Colorado Tip Pooling Law Requires Customer Disclosure
Do Customers Deserve Notice that a Restaurant is Pooling Tips?
The answer varies by state, but for restaurants in Colorado, the answer is yes—the Colorado tip pooling law requires restaurants to notify customers of any Tip Pooling arrangements.
We here at Herrmann Law, think this is a net positive for workers in Colorado and should be encouraged in other States. Restaurants commonly abuse tip pools and illegally use tip pools to fund the restaurant’s business expenses. For example, it is common for restaurants to require servers to “tip out” a portion of their sales each shift to a tip pool. However, employers often intentionally conceal how the pooled tips are used or distributed—or when employer does disclose how the tips are used, they do not actually use the tips as they said they would.
Tip Pooling Laws
To be valid under federal and most state laws, an employer may only use tips from a tip pool to pay customarily tipped front-of-the-house workers like wait staff, bartenders, servers, etc. If a tip pool includes non–tipped back-of-the-house employees like kitchen staff, expeditors, or other employees who do not have direct contact with customers, then the tip pool is invalid. In addition, regardless of customer interaction, owners and managerial staff can NEVER participate in tip pooling.
One emerging trend in protecting traditionally tipped workers such as servers and bartenders is a requirement that restaurants provide customers with conspicuous notice of any restaurant requires tip pooling among servers and bartenders. Tip pooling involves an employer’s decision to pool all tips received by certain-defined employees and then to divide that pool among the workers.
Tip Pooling Disclosure is Required in Colorado
As noted, there is an emerging trend where state labor laws require disclosure to customers that tip pooling is being practiced.
For example, in 2019, Colorado became the first state to require such disclosure! Under Colorado law tips received by a worker are the sole property of the worker receiving the tips. And tip pooling in Colorado is unlawful unless there is a conspicuous disclosure informing customers of the tip pooling arrangement. “Conspicuous” means the notice of tip pooling must be posted in writing, in an easily-readable, large font and in more than one location — such as on the menus, on tabletops and on signs affixed to walls or doors.
In Colorado, if disclosure of the tip pooling arrangement is not provided, then the tip pooling arrangement is prohibited. Under federal and other state laws, tip pooling impacts an employer’s ability to use what is called the “tip credit.” If the tip pooling arrangement is invalid, then the employer cannot use the tip credit.
The tip credit permits an employer to use part of a worker’s tips to satisfy the employer’s obligations to pay the minimum wage. In Colorado, this would mean the employer would owe the difference between the tip minimum wage ($8.98 in 2020) and the full minimum wage ($12.00 in 2020). Put another way, if you work in Colorado and your employer does not follow the tip pooling laws—including providing customers notice of any tip pooling arrangement—then you would be entitled to the full minimum wage for each hour worked, plus triple damages, plus any misappropriated tips. Finally, your employer is responsible for paying your attorneys’ fees and costs, which allows us to handle your case on a contingency basis.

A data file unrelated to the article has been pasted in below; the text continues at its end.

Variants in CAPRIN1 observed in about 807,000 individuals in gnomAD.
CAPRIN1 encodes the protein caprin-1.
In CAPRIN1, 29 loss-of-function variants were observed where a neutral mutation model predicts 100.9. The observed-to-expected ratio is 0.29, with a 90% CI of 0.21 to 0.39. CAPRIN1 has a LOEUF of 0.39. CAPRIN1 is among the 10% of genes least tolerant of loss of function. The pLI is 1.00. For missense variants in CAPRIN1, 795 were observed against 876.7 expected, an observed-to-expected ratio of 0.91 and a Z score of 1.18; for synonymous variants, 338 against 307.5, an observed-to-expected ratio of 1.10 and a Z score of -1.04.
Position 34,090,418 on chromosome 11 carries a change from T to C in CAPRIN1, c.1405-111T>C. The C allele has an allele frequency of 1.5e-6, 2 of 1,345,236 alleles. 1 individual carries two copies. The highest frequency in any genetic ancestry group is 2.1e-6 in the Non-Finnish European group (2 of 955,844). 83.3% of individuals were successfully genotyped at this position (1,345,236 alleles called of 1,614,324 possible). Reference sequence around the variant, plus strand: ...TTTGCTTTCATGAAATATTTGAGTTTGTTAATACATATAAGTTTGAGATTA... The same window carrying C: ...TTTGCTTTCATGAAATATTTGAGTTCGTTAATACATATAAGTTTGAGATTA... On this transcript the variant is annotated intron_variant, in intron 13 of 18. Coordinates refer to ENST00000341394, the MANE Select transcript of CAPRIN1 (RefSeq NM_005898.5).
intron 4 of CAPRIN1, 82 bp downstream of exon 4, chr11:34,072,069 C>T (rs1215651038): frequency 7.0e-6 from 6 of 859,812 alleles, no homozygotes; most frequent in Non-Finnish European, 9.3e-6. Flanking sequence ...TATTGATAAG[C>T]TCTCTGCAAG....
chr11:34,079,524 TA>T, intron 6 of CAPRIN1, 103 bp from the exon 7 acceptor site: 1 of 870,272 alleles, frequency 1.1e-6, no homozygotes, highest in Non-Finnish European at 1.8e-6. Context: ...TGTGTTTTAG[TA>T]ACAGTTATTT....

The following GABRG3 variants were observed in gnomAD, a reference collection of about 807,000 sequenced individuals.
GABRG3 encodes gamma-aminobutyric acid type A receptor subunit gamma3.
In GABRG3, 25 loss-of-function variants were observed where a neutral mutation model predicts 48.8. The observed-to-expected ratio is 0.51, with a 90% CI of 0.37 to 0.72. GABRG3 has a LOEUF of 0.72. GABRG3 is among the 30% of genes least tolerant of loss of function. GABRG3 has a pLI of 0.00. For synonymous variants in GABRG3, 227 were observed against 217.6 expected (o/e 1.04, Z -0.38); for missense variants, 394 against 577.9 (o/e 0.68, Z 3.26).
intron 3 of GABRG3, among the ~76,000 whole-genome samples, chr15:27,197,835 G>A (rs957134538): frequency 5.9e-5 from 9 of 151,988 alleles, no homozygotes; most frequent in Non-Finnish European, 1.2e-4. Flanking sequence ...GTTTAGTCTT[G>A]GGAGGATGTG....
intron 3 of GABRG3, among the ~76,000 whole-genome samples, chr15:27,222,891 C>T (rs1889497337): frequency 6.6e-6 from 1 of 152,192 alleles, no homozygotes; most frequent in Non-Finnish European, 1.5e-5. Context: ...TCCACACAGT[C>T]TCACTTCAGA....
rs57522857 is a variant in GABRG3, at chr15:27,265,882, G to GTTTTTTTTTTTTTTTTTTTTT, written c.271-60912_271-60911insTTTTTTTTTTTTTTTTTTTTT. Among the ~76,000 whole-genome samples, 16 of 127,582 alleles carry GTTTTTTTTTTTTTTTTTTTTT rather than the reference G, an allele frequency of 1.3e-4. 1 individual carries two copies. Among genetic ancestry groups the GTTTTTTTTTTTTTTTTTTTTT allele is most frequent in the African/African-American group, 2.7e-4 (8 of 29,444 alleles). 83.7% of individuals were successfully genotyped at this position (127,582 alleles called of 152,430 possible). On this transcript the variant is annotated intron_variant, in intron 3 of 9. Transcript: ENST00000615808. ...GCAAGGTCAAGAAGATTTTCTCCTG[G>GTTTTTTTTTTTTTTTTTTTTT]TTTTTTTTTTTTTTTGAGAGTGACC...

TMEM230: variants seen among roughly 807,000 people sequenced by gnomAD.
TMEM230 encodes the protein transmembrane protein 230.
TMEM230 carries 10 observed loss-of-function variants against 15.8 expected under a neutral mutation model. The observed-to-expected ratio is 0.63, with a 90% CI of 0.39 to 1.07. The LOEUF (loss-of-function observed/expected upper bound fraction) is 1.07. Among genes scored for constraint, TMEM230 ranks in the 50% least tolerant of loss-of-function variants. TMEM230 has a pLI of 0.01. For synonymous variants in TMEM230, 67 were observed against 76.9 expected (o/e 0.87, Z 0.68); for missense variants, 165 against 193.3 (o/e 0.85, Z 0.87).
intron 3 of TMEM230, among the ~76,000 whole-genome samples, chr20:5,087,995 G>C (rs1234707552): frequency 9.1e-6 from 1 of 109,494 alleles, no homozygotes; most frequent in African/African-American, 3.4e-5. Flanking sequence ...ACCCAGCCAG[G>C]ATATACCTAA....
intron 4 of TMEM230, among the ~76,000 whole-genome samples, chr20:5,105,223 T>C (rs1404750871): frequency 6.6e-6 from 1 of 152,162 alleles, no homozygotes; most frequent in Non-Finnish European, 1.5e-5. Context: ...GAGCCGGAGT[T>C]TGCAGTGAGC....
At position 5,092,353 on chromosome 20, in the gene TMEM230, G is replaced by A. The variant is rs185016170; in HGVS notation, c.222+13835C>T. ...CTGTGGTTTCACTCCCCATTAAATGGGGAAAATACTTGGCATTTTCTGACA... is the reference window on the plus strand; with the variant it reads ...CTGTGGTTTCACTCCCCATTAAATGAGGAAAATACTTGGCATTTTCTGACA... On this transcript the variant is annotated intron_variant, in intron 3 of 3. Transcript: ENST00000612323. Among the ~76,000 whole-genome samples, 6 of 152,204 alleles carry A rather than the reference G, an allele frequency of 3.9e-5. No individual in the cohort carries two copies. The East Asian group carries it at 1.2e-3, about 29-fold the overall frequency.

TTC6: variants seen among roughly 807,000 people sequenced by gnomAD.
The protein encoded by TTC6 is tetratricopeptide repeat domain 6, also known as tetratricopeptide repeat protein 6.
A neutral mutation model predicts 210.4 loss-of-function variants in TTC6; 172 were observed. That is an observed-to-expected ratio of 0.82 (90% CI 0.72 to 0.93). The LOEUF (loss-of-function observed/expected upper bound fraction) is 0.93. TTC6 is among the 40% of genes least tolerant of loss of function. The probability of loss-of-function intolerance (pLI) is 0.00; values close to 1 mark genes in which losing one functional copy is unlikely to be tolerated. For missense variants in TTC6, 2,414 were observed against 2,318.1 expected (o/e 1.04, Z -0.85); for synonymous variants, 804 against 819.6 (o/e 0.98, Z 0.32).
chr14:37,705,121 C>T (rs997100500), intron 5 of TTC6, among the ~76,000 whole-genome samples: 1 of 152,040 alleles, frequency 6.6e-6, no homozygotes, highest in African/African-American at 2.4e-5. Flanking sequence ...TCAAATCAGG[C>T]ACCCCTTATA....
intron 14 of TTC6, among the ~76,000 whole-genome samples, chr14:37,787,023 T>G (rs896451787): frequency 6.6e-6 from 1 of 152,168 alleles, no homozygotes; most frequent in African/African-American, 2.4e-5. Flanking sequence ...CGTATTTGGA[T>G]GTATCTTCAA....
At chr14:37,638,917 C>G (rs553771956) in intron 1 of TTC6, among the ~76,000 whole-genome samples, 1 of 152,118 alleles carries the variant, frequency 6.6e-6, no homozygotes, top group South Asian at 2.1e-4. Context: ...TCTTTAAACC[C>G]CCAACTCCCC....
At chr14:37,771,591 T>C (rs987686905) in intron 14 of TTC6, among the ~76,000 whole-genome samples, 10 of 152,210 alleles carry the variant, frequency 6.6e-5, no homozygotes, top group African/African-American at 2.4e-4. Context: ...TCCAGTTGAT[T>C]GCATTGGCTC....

Tip Pooling must also comply Federal Law
If you work in a state that has not passed any state tip pooling laws such as Texas, you are still protected by a federal law known as the Fair Labor Standards Act. Under federal law, the current minimum wage is $7.25. An employer can pay a cash wage $2.13 per hour and still satisfy the minimum wage requirement by using the worker’s tips if there are at least $5.12 per hour in tips.
Under federal law, if the tip pooling arrangement is invalid, then workers are entitled to be paid a cash wage of the full minimum wage. In other words, if the tip pooling arrangement is invalid, then servers are entitled to recover their unpaid wages in the amount of $5.12 per hour, plus double damages, plus any misappropriated tips. Similar to Colorado, your employer is also responsible under federal law for paying your attorneys’ fees and costs, which allows us to handle your case on a contingency basis.
Call the Employee Rights Attorneys at Herrmann Law Today
For more information, call the Employee Rights attorneys at Herrmann Law. If you think that your employer has engaged in illegal or invalid tip polling, you may have a wage claim. Call us. Your right to be paid your FULL wages can be vindicated. We are proven, experienced, employee-focused attorneys representing workers across the United States in all types of workplace disputes. Use our Online Contact page or call us at (817) 479-9229. We are more than just a law firm for employees – we are an employee’s fiercest advocate, equipping employees with the legal representation needed to achieve the best result possible.